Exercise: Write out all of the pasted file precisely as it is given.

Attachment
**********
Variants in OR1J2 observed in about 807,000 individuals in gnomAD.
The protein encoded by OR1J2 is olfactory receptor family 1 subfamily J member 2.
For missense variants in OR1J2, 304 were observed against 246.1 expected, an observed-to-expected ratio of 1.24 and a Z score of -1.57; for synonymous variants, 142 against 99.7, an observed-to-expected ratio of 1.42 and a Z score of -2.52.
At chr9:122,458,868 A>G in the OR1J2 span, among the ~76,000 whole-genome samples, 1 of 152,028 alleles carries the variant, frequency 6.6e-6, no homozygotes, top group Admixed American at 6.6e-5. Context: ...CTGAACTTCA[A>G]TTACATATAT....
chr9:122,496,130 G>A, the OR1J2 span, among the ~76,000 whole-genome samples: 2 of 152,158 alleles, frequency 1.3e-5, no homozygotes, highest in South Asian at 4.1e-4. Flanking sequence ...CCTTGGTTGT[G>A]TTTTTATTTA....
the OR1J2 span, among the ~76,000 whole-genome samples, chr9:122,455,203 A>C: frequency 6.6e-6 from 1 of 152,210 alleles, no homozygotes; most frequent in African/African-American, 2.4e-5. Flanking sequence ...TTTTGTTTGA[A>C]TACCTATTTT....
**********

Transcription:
Variants in OR1J2 observed in about 807,000 individuals in gnomAD.
The protein encoded by OR1J2 is olfactory receptor family 1 subfamily J member 2.
For missense variants in OR1J2, 304 were observed against 246.1 expected, an observed-to-expected ratio of 1.24 and a Z score of -1.57; for synonymous variants, 142 against 99.7, an observed-to-expected ratio of 1.42 and a Z score of -2.52.
At chr9:122,458,868 A>G in the OR1J2 span, among the ~76,000 whole-genome samples, 1 of 152,028 alleles carries the variant, frequency 6.6e-6, no homozygotes, top group Admixed American at 6.6e-5. Context: ...CTGAACTTCA[A>G]TTACATATAT....
chr9:122,496,130 G>A, the OR1J2 span, among the ~76,000 whole-genome samples: 2 of 152,158 alleles, frequency 1.3e-5, no homozygotes, highest in South Asian at 4.1e-4. Flanking sequence ...CCTTGGTTGT[G>A]TTTTTATTTA....
the OR1J2 span, among the ~76,000 whole-genome samples, chr9:122,455,203 A>C: frequency 6.6e-6 from 1 of 152,210 alleles, no homozygotes; most frequent in African/African-American, 2.4e-5. Flanking sequence ...TTTTGTTTGA[A>C]TACCTATTTT....